Robert Halfon, MP for Harlow and chair of the Commons Education Committee, calls for the an end to the UK’s obsession with academic degrees and demand a dramatic increase in the delivery of basic skills and technical training by the Further Education and Higher Education sectors.
In a keynote speech delivered at the Centre for Social Justice, in collaboration with Open University and the Learning and Work Institute, Robert says that only such a revolution can eradicate the skills gap which currently leaves one third of 16-19-year-olds with low basic skills, threatening a generation with “a tidal wave of lost opportunity”.
He will argue that rebalancing Further and Higher Education is crucial to delivering social justice. This rebalancing, he argues, must involve redirecting funding from academic courses towards courses and degrees focussing on technical and basic skills.
The jewel in the crown of a revamped Further and Higher Education sector, he will say, should be degree apprenticeships which blend technical and academic education.

In his speech on February 5, Robert said:

We have become obsessed with full academic degrees in this country. We are creating a higher education system that overwhelmingly favours academic degrees, while intermediate and higher technical offerings are comparatively tiny.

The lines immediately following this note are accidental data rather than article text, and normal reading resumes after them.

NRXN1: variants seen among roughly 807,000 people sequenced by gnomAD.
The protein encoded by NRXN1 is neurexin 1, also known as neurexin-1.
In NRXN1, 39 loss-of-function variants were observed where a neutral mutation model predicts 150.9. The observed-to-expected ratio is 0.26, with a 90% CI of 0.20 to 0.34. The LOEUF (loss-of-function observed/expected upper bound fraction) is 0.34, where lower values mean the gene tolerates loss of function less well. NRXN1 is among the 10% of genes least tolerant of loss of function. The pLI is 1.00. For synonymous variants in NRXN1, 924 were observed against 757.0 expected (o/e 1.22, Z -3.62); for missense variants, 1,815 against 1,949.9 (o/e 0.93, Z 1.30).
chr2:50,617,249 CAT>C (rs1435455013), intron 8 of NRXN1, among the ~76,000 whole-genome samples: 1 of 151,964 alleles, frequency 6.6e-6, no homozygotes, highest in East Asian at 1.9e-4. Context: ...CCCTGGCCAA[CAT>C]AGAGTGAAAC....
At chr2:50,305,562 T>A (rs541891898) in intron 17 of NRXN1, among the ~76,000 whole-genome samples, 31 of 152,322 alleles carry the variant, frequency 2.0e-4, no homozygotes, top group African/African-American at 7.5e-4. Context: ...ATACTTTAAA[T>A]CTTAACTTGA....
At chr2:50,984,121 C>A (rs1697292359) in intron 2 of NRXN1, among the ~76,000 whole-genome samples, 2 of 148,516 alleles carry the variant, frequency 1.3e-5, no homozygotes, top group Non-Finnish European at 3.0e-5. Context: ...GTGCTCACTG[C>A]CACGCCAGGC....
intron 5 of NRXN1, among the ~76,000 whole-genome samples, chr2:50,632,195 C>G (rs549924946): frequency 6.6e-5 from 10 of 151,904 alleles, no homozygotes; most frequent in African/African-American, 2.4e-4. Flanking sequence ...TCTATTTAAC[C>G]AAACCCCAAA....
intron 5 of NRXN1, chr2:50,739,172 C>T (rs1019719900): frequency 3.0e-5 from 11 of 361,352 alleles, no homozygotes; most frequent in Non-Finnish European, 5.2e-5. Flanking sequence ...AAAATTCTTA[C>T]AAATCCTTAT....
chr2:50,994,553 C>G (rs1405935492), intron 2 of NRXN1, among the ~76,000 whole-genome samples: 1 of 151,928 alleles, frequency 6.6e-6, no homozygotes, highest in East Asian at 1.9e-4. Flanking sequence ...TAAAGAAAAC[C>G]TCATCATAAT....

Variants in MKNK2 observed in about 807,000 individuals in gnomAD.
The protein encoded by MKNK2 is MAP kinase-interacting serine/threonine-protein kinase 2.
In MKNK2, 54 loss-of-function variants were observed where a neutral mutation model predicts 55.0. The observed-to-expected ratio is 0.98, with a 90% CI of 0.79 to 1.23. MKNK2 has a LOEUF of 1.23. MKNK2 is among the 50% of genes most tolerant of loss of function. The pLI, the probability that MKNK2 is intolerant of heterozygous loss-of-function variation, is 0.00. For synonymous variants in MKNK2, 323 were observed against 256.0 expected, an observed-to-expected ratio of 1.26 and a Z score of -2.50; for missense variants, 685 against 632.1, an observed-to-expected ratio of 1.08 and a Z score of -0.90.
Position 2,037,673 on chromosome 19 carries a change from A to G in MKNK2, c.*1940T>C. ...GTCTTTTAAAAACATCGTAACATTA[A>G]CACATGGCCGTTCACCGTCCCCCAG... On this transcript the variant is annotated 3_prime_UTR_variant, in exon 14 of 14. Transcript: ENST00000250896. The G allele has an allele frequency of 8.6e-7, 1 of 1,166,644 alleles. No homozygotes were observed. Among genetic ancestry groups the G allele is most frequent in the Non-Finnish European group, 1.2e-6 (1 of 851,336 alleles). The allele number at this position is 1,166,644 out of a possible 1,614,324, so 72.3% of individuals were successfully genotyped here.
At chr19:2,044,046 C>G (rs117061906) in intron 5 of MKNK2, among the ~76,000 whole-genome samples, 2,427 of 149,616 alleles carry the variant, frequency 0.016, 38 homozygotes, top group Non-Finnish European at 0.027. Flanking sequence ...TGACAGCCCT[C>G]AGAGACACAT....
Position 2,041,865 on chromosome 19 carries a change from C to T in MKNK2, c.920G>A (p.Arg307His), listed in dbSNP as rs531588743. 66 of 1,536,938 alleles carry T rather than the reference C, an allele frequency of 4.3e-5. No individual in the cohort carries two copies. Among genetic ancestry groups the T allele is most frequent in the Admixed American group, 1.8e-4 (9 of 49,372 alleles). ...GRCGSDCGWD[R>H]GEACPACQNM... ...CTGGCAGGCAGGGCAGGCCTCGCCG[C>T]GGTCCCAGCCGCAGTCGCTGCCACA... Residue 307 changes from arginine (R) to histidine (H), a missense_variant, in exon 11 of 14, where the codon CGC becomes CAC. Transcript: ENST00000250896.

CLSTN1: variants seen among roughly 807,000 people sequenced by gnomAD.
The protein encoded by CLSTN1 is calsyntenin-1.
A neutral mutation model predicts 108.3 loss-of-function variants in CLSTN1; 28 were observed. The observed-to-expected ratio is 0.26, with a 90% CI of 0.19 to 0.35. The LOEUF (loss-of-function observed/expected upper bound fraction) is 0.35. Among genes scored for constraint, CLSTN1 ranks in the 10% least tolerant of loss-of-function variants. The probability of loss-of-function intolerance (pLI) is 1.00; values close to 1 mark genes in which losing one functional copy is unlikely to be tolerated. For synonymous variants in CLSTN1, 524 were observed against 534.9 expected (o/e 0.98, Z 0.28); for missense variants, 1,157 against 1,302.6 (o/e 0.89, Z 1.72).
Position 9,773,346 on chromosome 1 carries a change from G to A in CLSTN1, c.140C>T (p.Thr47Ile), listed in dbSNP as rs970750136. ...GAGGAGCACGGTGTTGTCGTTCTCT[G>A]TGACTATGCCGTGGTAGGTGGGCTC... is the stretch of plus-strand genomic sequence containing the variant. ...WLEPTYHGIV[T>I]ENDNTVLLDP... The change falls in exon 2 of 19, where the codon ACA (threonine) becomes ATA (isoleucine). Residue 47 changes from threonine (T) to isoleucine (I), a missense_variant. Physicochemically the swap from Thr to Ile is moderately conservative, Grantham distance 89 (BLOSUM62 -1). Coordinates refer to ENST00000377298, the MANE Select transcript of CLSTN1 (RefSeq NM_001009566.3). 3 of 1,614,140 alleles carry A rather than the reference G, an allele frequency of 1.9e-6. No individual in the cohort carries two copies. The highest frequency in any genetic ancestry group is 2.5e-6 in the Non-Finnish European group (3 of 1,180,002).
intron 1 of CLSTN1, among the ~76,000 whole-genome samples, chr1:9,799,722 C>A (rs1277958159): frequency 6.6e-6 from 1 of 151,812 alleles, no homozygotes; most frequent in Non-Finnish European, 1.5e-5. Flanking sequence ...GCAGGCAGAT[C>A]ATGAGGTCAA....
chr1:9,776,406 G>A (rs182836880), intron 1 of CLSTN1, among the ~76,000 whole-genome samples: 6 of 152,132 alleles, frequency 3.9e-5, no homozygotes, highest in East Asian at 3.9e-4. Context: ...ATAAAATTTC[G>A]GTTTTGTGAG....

The labour market does not need an ever-growing supply of academic degrees. Between a fifth and a third of our graduates take non-graduate jobs. The graduate premium” varies wildly according to subject and institution. For many, the returns are paltry.

It is crucial that we recognise that skills are a social justice issue. Those who are disadvantaged have the most to gain by climbing the education ladder of opportunity out of deprivation and in to high skilled employment.

Key policy suggestions Robert will put forward include:

  • Fine-tuning the Apprenticeship Levy to help disadvantaged apprentices. Introducing a taper on the Apprenticeship Levy to allow employers to pay smaller contributions if they employ disadvantaged apprentices and address skills shortages.
  • Cutting grants to universities unless they offer degree apprenticeships. Ring-fencing a significant portion of the enormous public subsidy of universities so that it can only be accessed if the university offers degree apprenticeships.
  • Challenging the Russell Group’s reputation where they don't deliver value for money. Addressing the sometimes undeserved reputation of Russell Group Universities where they are highly ranked because of their research and not because they always offer employability skills, quality teaching, and value for money for undergraduate students.
  • Protecting and ring-fencing funding of flexible, online and part-time Higher Education. Protecting the funding of flexible, online and part-time Higher Education, like the Open University, by ring-fencing the Part-time Premium element of the Higher Education Funding Council’s Widening Participation funding allocation.